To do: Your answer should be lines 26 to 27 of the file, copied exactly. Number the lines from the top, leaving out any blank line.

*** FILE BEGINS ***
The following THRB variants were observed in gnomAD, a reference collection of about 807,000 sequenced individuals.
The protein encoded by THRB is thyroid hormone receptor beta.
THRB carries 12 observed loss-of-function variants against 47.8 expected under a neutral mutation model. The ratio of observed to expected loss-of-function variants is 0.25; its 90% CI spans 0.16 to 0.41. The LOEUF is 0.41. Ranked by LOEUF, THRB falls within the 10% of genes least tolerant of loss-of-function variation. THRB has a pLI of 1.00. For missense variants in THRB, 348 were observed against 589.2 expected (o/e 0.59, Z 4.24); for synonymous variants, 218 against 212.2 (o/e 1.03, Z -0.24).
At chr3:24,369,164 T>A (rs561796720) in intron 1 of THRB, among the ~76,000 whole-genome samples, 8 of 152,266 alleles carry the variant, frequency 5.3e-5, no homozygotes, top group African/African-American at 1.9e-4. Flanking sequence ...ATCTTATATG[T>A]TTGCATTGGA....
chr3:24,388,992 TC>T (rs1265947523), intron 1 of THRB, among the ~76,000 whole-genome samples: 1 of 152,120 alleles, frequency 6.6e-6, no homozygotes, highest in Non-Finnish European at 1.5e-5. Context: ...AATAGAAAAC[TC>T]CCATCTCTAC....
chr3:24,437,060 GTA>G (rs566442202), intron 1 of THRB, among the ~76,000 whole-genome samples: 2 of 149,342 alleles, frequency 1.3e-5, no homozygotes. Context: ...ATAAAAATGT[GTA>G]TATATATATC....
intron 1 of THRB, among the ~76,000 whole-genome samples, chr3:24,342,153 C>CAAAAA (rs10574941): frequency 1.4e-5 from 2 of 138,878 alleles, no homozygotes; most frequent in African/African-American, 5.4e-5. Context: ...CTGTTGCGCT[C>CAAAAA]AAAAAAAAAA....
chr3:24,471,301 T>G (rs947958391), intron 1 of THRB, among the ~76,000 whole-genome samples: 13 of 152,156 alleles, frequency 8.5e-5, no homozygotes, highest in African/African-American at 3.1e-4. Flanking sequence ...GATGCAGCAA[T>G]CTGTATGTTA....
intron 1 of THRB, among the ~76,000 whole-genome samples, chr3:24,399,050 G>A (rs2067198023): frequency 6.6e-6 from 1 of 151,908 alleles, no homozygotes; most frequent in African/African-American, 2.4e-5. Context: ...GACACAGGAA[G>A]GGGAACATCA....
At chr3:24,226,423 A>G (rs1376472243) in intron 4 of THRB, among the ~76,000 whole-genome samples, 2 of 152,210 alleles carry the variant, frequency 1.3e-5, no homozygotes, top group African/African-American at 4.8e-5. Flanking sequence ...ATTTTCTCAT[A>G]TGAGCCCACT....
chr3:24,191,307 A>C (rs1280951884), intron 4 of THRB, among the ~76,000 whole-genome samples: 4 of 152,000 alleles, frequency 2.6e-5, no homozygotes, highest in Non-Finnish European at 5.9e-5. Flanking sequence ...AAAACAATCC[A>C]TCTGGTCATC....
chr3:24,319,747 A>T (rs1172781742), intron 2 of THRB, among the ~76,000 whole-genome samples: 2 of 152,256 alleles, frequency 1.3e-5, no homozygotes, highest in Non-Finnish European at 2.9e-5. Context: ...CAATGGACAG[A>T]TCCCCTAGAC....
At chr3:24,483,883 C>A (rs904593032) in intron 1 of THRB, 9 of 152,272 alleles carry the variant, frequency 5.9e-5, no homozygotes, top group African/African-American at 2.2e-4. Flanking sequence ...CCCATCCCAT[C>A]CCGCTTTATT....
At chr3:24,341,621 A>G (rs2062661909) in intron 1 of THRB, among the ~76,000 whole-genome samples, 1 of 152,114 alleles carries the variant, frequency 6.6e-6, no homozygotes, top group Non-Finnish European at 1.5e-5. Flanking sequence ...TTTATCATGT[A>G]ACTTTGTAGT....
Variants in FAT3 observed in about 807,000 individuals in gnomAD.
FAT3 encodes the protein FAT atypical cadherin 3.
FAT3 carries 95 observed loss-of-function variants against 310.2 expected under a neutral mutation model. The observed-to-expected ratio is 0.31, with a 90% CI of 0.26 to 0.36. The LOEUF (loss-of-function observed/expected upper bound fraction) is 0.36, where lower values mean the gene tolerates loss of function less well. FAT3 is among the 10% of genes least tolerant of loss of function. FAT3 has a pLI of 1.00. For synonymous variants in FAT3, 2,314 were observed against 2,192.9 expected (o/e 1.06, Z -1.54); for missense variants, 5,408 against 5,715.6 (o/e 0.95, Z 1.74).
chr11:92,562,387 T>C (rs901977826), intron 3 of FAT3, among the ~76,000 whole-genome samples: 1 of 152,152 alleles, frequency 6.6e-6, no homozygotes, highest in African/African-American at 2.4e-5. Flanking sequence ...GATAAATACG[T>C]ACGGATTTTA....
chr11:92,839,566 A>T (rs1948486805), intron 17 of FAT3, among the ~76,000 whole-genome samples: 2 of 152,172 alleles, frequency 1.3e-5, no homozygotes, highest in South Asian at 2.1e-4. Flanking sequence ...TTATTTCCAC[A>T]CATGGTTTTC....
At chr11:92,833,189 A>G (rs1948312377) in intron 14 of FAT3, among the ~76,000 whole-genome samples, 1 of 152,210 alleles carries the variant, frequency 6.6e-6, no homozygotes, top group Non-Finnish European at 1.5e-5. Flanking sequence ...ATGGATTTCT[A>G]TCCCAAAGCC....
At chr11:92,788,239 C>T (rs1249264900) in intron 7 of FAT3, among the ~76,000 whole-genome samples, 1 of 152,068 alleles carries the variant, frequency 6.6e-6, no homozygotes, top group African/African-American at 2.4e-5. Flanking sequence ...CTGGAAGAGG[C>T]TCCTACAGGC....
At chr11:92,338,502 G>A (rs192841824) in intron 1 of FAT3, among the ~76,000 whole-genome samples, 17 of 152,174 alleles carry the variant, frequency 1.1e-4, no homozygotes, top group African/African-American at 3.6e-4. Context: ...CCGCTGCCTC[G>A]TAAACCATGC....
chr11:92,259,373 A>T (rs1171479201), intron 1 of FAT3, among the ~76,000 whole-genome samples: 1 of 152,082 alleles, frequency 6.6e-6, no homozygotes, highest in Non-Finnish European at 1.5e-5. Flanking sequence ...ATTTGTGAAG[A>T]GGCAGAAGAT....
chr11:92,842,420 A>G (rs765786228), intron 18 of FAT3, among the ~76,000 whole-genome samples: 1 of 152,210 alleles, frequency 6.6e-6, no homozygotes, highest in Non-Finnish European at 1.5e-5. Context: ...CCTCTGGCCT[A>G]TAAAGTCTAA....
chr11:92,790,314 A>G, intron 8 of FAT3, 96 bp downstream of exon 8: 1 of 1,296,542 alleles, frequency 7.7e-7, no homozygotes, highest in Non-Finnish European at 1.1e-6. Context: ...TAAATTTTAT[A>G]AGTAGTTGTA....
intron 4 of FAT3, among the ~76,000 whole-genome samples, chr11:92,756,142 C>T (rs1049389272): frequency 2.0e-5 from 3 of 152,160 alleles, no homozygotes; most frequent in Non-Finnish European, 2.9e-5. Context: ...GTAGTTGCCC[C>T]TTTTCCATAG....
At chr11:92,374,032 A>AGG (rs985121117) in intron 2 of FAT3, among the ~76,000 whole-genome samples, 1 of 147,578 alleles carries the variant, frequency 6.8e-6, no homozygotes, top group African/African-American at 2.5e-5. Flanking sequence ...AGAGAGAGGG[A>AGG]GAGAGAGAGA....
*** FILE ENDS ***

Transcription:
intron 4 of FAT3, among the ~76,000 whole-genome samples, chr11:92,756,142 C>T (rs1049389272): frequency 2.0e-5 from 3 of 152,160 alleles, no homozygotes; most frequent in Non-Finnish European, 2.9e-5. Context: ...GTAGTTGCCC[C>T]TTTTCCATAG....
At chr11:92,374,032 A>AGG (rs985121117) in intron 2 of FAT3, among the ~76,000 whole-genome samples, 1 of 147,578 alleles carries the variant, frequency 6.8e-6, no homozygotes, top group African/African-American at 2.5e-5. Flanking sequence ...AGAGAGAGGG[A>AGG]GAGAGAGAGA....